We present a framework to identify market responses to uncertainty faced by firms regarding both the potential incidence of extreme weather events and subsequent economic impact. Stock options of firms with establishments in forecast and realized hurricane landfall regions exhibit large increases in implied volatility, reflecting significant incidence uncertainty and long-lasting impact uncertainty. Comparing ex ante expected volatility to ex post realized volatility by analyzing volatility risk premia changes shows that investors significantly underestimate extreme weather uncertainty. After Hurricane Sandy, this underreaction diminishes and, consistent with Merton (1987), these increases in idiosyncratic volatility are associated with positive expected stock returns.
We use county data from 1980 to 2017 to study the dynamic responses of local economies after natural disasters in the U.S. Specifically, we estimate disaster impulse response functions for personal income per capita and a broad range of other economic outcomes, using a panel version of the local projections estimator. In contrast to some recent cross-country studies, we find that disasters increase total and per capita personal income over the longer run (as of 8 years out). The effect is driven initially largely by a temporary employment boost and in the longer run by an increase in average weekly wages. We then assess the heterogeneity of disaster impacts across several dimensions. We find that the longer-run increase in income per capita is largest for the most damaging disasters. Hurricanes and tornados yield longer run increases in income, while floods do not. The longer run increase in income, which on average has fallen over time, is larger for counties with recent disaster experience. Finally, state-level analyses and estimates of spatial spillovers suggest that, unlike the positive effect for counties directly affected by disasters, the longer run effect of disasters for broad regions as a whole may be negative.
Using novel methodology and proprietary daily store-level sporting goods and apparel brand data, I find that, consistent with long-run adaptation to climate, sales sensitivity to weather declines with historical norms and variability of weather. Short-run adaptation to weather shocks is dominated by changes in what people buy and how they buy it, with little intertemporal substitution. Over four weeks, a one-standard deviation one-day weather shock shifts sales by about 10 percent. While switching between indoor and outdoor stores offsets a small portion of contemporaneous responses to weather, I find no evidence that ecommerce offsets any of the effects.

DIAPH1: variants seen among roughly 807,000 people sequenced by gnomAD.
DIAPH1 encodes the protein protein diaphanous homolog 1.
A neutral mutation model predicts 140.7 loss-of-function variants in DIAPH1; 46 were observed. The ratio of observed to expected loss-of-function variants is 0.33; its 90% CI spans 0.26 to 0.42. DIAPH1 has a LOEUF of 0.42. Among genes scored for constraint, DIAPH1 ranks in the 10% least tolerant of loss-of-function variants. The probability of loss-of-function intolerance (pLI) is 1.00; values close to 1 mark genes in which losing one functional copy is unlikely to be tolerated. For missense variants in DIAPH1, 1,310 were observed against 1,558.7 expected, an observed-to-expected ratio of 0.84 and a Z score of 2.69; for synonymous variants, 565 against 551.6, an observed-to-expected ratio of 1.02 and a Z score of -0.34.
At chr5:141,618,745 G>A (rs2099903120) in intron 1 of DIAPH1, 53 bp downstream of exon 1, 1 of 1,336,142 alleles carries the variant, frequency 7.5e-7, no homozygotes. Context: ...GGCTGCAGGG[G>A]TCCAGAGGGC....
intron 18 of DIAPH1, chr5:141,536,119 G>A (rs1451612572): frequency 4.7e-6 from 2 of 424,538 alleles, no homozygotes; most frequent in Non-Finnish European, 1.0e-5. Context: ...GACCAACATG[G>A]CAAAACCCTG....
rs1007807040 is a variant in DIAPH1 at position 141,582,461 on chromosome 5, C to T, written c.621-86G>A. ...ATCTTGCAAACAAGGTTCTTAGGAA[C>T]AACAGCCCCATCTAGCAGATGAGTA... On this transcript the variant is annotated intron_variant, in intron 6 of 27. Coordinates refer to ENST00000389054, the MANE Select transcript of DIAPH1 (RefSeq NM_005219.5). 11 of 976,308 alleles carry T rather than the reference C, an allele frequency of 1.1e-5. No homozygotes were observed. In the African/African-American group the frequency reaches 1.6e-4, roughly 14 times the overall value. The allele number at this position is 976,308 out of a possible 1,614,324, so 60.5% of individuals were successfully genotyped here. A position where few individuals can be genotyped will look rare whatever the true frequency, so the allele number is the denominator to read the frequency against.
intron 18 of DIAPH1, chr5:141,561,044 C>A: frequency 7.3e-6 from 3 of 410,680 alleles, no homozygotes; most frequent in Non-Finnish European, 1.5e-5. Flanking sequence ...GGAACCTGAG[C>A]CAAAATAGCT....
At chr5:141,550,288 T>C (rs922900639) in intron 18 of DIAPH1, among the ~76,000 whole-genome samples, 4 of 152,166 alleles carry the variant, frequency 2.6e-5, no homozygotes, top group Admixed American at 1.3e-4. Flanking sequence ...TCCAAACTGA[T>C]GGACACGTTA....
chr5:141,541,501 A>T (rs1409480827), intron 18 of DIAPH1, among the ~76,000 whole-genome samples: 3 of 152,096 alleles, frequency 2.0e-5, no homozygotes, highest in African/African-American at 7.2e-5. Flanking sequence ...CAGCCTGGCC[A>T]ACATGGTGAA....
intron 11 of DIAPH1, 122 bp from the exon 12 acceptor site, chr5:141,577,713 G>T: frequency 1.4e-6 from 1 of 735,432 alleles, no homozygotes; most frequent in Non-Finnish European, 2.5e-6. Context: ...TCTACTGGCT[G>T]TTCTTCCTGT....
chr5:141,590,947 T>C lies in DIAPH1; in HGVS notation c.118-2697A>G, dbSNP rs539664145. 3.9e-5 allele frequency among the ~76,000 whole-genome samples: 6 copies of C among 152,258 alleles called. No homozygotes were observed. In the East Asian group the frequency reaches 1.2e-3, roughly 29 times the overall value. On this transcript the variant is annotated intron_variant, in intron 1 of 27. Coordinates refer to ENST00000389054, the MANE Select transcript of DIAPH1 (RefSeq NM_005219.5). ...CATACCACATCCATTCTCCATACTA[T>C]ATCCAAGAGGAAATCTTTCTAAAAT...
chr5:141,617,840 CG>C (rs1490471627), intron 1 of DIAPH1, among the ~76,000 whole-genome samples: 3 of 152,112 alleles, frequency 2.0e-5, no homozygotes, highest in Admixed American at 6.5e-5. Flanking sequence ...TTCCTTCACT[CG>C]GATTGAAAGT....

Published Articles (Refereed Journals and Volumes)
How much, if at all, should an endowment invest in a firm whose activities run counter to the charitable missions the endowment funds? I offer the first model characterizing this type of investment decision. I introduce a strategy called “mission hedging,” where—in contrast to traditional socially responsible investing—foundations may benefit from skewing investment toward the objectionable firm in order to align funding availability with need. I characterize the trade-offs driving foundation investment decisions. By leveraging the idiosyncratic firm risk typically diversified away in profit-maximizing portfolios, foundations may find that bad actors provide good opportunities to hedge mission-specific risks.
Discounting plays a major role in the life cycle of environmental and natural resource policies. Evaluating centuries-scale problems like climate change with standard discount rates yields results that many find ethically unacceptable. Paradoxes abound. Low discount rates are urged for determining the net benefits of climate change, while households fail to undertake energy conservation actions that have payback periods of only a few years. Efforts to uncover discount rates from revealed and stated preferences suggest that a variety of confounding factors may be simultaneously in play. Common property resources provide an example of how market failures can lead to behavior consistent with extreme discounting that can be addressed through effective policy. Finally, politicians who make ultimate policy decisions may have incentives to act in accordance with discount rates not socially optimal.